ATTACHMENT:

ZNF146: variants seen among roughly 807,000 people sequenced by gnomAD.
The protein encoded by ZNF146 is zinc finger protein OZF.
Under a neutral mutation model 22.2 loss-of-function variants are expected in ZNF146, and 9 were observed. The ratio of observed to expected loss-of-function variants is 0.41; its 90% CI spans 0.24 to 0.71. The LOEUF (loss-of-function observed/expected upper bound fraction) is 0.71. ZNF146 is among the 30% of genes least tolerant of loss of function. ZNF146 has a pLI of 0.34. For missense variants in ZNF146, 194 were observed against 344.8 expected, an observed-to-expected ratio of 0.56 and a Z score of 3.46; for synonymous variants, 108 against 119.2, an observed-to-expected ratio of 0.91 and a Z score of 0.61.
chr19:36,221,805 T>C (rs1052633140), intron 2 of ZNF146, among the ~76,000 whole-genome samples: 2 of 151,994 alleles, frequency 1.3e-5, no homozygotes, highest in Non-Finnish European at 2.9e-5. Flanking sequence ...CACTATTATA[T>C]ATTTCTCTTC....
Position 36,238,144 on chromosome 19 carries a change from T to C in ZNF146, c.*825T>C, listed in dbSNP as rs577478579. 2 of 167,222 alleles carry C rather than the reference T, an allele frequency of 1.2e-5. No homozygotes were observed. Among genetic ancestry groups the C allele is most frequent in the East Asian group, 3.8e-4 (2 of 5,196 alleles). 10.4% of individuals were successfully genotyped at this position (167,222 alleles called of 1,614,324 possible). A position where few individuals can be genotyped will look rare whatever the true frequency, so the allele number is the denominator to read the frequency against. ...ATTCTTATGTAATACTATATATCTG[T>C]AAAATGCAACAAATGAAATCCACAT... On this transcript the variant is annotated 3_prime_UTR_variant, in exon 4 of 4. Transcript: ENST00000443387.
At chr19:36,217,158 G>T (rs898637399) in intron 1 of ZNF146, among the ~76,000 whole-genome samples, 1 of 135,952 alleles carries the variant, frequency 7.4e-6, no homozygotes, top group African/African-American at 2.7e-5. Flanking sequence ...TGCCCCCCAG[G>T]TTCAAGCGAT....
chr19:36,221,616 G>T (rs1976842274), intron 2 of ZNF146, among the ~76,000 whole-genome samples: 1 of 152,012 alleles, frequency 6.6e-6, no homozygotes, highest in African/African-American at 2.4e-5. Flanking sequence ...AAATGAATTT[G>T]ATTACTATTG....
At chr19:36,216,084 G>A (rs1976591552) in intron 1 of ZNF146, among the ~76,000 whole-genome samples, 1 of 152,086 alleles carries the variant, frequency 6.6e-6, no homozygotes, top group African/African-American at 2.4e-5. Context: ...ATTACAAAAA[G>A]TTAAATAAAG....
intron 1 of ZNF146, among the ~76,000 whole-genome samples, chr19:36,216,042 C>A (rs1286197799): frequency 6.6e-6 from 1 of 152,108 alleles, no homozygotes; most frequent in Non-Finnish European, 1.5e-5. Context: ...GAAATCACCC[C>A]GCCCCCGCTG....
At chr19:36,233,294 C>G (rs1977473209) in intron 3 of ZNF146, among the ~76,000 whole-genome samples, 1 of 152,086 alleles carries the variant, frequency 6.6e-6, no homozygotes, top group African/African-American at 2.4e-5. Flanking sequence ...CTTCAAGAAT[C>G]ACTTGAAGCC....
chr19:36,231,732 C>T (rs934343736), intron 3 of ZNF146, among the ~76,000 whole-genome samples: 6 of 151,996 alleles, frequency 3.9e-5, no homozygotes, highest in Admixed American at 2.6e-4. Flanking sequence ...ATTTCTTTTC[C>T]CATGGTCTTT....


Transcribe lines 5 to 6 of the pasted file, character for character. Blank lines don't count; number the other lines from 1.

Position 36,238,144 on chromosome 19 carries a change from T to C in ZNF146, c.*825T>C, listed in dbSNP as rs577478579. 2 of 167,222 alleles carry C rather than the reference T, an allele frequency of 1.2e-5. No homozygotes were observed. Among genetic ancestry groups the C allele is most frequent in the East Asian group, 3.8e-4 (2 of 5,196 alleles). 10.4% of individuals were successfully genotyped at this position (167,222 alleles called of 1,614,324 possible). A position where few individuals can be genotyped will look rare whatever the true frequency, so the allele number is the denominator to read the frequency against. ...ATTCTTATGTAATACTATATATCTG[T>C]AAAATGCAACAAATGAAATCCACAT... On this transcript the variant is annotated 3_prime_UTR_variant, in exon 4 of 4. Transcript: ENST00000443387.
At chr19:36,217,158 G>T (rs898637399) in intron 1 of ZNF146, among the ~76,000 whole-genome samples, 1 of 135,952 alleles carries the variant, frequency 7.4e-6, no homozygotes, top group African/African-American at 2.7e-5. Flanking sequence ...TGCCCCCCAG[G>T]TTCAAGCGAT....